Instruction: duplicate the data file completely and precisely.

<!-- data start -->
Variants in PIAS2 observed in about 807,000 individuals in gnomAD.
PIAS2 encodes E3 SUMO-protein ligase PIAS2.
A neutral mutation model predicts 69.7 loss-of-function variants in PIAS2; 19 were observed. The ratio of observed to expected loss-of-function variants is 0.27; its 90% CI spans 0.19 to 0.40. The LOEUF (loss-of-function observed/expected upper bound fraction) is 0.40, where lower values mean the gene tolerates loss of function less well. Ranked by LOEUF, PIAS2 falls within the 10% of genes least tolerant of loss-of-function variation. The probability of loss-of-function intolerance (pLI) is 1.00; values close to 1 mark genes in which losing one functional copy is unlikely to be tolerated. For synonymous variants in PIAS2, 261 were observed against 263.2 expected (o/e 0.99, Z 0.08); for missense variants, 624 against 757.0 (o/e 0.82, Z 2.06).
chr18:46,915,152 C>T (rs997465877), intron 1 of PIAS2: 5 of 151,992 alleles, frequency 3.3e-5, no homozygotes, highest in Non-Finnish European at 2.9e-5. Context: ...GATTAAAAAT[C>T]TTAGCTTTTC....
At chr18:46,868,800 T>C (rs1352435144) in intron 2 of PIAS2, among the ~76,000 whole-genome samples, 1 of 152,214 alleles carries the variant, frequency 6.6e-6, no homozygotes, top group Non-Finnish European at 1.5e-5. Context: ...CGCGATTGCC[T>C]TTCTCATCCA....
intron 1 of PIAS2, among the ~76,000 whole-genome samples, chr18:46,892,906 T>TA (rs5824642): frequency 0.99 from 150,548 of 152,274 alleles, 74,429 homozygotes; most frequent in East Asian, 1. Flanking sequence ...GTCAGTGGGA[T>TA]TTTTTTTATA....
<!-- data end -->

Variants in PIAS2 observed in about 807,000 individuals in gnomAD.
PIAS2 encodes E3 SUMO-protein ligase PIAS2.
A neutral mutation model predicts 69.7 loss-of-function variants in PIAS2; 19 were observed. The ratio of observed to expected loss-of-function variants is 0.27; its 90% CI spans 0.19 to 0.40. The LOEUF (loss-of-function observed/expected upper bound fraction) is 0.40, where lower values mean the gene tolerates loss of function less well. Ranked by LOEUF, PIAS2 falls within the 10% of genes least tolerant of loss-of-function variation. The probability of loss-of-function intolerance (pLI) is 1.00; values close to 1 mark genes in which losing one functional copy is unlikely to be tolerated. For synonymous variants in PIAS2, 261 were observed against 263.2 expected (o/e 0.99, Z 0.08); for missense variants, 624 against 757.0 (o/e 0.82, Z 2.06).
chr18:46,915,152 C>T (rs997465877), intron 1 of PIAS2: 5 of 151,992 alleles, frequency 3.3e-5, no homozygotes, highest in Non-Finnish European at 2.9e-5. Context: ...GATTAAAAAT[C>T]TTAGCTTTTC....
At chr18:46,868,800 T>C (rs1352435144) in intron 2 of PIAS2, among the ~76,000 whole-genome samples, 1 of 152,214 alleles carries the variant, frequency 6.6e-6, no homozygotes, top group Non-Finnish European at 1.5e-5. Context: ...CGCGATTGCC[T>C]TTCTCATCCA....
intron 1 of PIAS2, among the ~76,000 whole-genome samples, chr18:46,892,906 T>TA (rs5824642): frequency 0.99 from 150,548 of 152,274 alleles, 74,429 homozygotes; most frequent in East Asian, 1. Flanking sequence ...GTCAGTGGGA[T>TA]TTTTTTTATA....